What stopped these ‘revolutionaries’ from making a military bloc with the Ba’athists?The fact is that they are embedded in the racist, chauvinist,labour aristocracy or petty bourgeois layers of the labour movement.They will not side with the oppressed if this means that workers at home see them as unpatriotic or traitors. This means that their ‘internationalism’ is merely a mask for their ‘nationalism’.

In the case of the opportunists, their ‘internationalist’ tasks are defined to mean that they, the imperio-centric working classes alone, can defeat imperialism. Workers Action for example got completely carried away by the anti-war movement. “…we have seen the creation of a phenomenal political power across the globe that can start to challenge US imperialism. The anti-war demonstrations on February 15 have had an enormous impact throughout the world, and have opened up a new era in politics”.(Workers Action, 21, 2003 page 2). Shame this ‘new era’ in politics did not stop the war.

‘Talking up’ the anti-war mobilisation as a ‘serious challenge’ to US imperialism means ‘talking down’ workers going to other countries to kill workers in uniform from their own country and challenging colonial oppression as the material basis of the racism and chauvinism in the labour movement at home. If you cannot even confront racism and chauvinism in the imperialist working classes, how can you defeat imperialism?

The reverse side of this imperialist chauvinism is that it then becomes the national task of workers and peasants in the oppressed countries to resist imperialism. Why? Because that is their right to self-determination.

How, say the opportunists, can these peoples determine their own future if workers from other countries who are regarded as oppressors assert their duty to fight alongside them? Well, it doesn’t occur to these ‘internationalists’ that this is the surest way for workers from imperialist countries to prove that they are not oppressors but genuine internationalists.

In the case of the ultralefts, this is the flip side of the opportunist coin.Refusing to enter a military bloc with Saddam Hussein because he is a dictator is also a capitulation to the same imperialist racism and chauvinism at home that leaves the defence of Iraq to its own people. The fact that many in the IWCP are exiles in the ‘West’ and embedded in the same labour aristocracy as the Western left, underlines their ultraleft position. And it also explains why they then flipped to an opportunist line after the war calling for the UN to create a security force to allow Iraq to make the transition to democracy.For these pseudo communists, democratic imperialism is superior to an Iraqi dictatorship.

This is why in practice these ultra-lefts were prepared to leave the defence of Iraq to the Ba’athists and the clerical leaderships who would capitulate as soon as their class interests were threatened. This is exactly why these leaderships made the compromises they have made with the occupiers in the hope of doing deals with the US/UK to become the new rulers. This shows that, like the opportunists, the ultra-lefts are not serious about workers defending Iraq. They are prepared to leave the self-determination of Iraq to dirty deals between the Iraqi bourgeoisie, the Clerics and the imperialists.

The revolutionary way to fight the imperialist invaders was to mobilise the workers and peasants who were oppressed by the Ba’athists and Clerics to prove that only workers and poor peasants militias could defend Iraq. This meant calling on the Ba’athist and Clerical leaderships to arm the workers and peasants. When it became clear that the leaderships would not do this and instead would look after their own skins, workers could then decide how best to defend Iraq. But these questions of strategy and tactics could not even arise when the ultra-lefts did not offer any leadership to the masses under the oppressive control of the Ba’athists or Clerics.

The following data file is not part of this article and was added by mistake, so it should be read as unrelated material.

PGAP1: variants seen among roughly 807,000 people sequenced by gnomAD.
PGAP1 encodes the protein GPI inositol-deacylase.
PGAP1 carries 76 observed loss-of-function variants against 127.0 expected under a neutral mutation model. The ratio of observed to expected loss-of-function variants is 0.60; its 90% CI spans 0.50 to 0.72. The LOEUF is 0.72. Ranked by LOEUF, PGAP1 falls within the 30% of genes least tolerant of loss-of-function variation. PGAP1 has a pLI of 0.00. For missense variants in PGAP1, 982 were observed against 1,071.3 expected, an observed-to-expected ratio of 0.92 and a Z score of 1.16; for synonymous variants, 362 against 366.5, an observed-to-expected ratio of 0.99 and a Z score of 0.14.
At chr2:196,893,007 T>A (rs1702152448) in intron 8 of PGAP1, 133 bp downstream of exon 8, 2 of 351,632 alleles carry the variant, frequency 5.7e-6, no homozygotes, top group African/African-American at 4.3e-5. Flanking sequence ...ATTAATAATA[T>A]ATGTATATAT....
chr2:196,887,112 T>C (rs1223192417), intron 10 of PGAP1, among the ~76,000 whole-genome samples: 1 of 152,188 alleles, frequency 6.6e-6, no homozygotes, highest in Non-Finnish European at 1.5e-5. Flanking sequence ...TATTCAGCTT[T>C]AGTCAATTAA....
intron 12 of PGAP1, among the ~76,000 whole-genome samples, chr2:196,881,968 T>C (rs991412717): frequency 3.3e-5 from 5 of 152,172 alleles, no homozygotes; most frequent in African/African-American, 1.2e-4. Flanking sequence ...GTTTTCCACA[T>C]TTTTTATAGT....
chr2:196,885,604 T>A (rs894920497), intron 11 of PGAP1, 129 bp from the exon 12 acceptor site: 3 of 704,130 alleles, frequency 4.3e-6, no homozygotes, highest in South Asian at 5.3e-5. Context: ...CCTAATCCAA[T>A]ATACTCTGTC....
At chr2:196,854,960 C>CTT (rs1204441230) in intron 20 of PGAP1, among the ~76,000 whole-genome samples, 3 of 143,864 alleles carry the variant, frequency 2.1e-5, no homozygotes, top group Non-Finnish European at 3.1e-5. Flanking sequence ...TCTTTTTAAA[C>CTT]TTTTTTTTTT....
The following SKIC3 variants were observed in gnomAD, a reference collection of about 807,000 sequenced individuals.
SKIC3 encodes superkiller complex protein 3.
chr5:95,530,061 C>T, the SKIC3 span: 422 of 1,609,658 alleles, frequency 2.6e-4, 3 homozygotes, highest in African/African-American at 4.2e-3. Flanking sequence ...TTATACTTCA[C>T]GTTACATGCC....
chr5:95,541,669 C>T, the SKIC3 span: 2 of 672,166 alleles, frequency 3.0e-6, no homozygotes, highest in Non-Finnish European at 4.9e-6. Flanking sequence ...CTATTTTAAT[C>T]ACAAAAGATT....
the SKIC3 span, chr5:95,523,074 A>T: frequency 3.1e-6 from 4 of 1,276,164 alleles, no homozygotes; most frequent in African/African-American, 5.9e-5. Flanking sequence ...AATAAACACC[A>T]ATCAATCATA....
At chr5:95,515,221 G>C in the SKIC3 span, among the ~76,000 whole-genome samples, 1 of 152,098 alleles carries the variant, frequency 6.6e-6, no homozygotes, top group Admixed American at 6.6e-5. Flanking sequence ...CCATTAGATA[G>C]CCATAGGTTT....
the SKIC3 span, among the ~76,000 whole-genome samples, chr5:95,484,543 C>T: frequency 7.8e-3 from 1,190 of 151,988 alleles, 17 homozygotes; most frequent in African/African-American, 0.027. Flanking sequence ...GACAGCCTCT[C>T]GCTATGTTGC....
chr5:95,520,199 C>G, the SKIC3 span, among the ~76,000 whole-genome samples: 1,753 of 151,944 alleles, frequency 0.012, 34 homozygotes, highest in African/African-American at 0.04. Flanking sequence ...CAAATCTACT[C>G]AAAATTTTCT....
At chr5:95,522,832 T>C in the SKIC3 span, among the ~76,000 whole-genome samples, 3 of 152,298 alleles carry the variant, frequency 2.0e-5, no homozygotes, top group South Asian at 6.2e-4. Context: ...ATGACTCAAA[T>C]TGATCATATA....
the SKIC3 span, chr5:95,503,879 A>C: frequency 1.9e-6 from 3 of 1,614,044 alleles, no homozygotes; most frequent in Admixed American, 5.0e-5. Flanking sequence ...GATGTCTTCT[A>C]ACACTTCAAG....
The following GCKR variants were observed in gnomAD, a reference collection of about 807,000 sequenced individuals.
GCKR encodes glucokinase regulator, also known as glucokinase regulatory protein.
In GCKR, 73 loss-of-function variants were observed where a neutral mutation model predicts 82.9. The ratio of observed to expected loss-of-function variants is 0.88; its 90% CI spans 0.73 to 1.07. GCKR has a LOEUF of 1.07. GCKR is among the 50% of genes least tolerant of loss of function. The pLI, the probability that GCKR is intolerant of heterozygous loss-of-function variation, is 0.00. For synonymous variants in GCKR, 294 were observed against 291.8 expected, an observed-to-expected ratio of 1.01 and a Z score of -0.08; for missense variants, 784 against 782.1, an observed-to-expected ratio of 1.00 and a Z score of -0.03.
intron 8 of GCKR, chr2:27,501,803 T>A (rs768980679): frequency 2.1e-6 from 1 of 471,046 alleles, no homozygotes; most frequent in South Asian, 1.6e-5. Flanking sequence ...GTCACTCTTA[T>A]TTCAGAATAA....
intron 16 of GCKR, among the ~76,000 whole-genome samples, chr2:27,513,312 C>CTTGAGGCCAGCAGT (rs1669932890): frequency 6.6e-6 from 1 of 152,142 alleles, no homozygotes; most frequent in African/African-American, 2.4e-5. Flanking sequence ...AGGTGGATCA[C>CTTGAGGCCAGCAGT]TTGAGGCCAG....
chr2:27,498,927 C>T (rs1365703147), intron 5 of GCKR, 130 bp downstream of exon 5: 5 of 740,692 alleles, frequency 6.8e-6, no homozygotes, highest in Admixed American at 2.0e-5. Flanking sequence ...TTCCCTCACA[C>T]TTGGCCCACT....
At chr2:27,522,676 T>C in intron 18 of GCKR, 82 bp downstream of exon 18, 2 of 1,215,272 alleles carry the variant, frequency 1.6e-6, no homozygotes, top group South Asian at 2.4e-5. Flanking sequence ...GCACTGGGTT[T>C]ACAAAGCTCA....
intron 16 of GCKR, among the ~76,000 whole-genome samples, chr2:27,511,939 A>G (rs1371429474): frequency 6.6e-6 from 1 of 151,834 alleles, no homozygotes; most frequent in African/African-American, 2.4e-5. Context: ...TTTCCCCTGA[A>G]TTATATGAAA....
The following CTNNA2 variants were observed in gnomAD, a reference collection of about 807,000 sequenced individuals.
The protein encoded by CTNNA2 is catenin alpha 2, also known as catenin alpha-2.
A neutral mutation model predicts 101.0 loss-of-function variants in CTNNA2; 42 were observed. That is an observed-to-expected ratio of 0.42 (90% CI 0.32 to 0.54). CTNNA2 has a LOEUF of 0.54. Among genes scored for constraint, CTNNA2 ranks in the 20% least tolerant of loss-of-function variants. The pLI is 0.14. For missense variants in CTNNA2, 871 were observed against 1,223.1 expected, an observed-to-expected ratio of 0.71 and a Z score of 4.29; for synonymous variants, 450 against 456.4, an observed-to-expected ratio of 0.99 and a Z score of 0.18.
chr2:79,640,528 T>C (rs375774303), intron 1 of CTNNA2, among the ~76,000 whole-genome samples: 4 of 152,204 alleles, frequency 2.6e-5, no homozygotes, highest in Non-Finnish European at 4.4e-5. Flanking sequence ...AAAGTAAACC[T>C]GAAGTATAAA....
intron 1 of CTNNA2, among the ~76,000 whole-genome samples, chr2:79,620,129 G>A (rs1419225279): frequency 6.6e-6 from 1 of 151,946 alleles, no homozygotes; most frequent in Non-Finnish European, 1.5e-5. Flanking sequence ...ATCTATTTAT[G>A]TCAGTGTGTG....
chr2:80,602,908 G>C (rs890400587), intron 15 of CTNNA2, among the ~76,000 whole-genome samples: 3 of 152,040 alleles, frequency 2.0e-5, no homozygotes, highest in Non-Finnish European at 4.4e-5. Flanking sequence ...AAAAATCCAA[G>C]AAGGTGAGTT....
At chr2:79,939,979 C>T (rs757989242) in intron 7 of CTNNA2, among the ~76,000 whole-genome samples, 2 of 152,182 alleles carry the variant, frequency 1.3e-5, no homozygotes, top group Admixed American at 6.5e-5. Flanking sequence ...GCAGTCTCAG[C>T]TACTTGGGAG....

Even those few groups that formally came out in ‘defence of Iraq’ such as Workers Power, and the International Bolshevik Tendency, did so in an abstract way.Workers Power quoted Trotsky on the “ duty of the international proletariat to aid the oppressed countries and their war against oppressors” but did not specify how that aid should be given.

(“The Left that Fails to Back Iraq” (http://www.workerspower.com/wpglobal/antiwarLeftfails.html)Not even a mention of arms to Iraq, and certainly no call for a military bloc with the Ba’athists.

The IBT, who condemn the Spartacists for ‘flinching’ in the face of charges of ‘treason’ at home, also took a defensist position. But nowhere in their statements on the war is there a call for a military bloc with Saddam, let alone a program for revolutionaries to take the leadership of the anti-imperialist struggle in Iraq (www.bolshevik.org).

We come to the conclusion that to our knowledge no Trotskyist groups other than the Group of 5 who signed the statement on Iraq lived up to their historic and revolutionary responsibility to fight for the defence of Iraq. (http://geocities.com/communistworker/iraq.html)

Who else called for the formation of a military bloc with the Ba’athists, with a program for workers to lead the defence of Iraq and for the formation of a Workers’ and Peasants’ state of Iraq in a Socialist Federation of the Middle East?If they exist and have put forward this position clearly, we want to contact them because they are principled communists.

Those who failed this test must be condemned as imperio-centric misleaders and betrayers of socialism. They are the rotten Stalinist and Trotskyist tendencies with opportunist/ultra-left positions that are a programmatic reflection of their integration into the racist, chauvinist labour aristocracy and petty bourgeoisie in the imperialist countries.

The healthy forces that blocked militarily with Iraq in its defence against imperialism with a program for permanent revolution have shown that they have the method and program to form the core of a new antiwar and anti-imperialist movement and open the way to the formation of a new revolutionary international.

MayDay Leaflet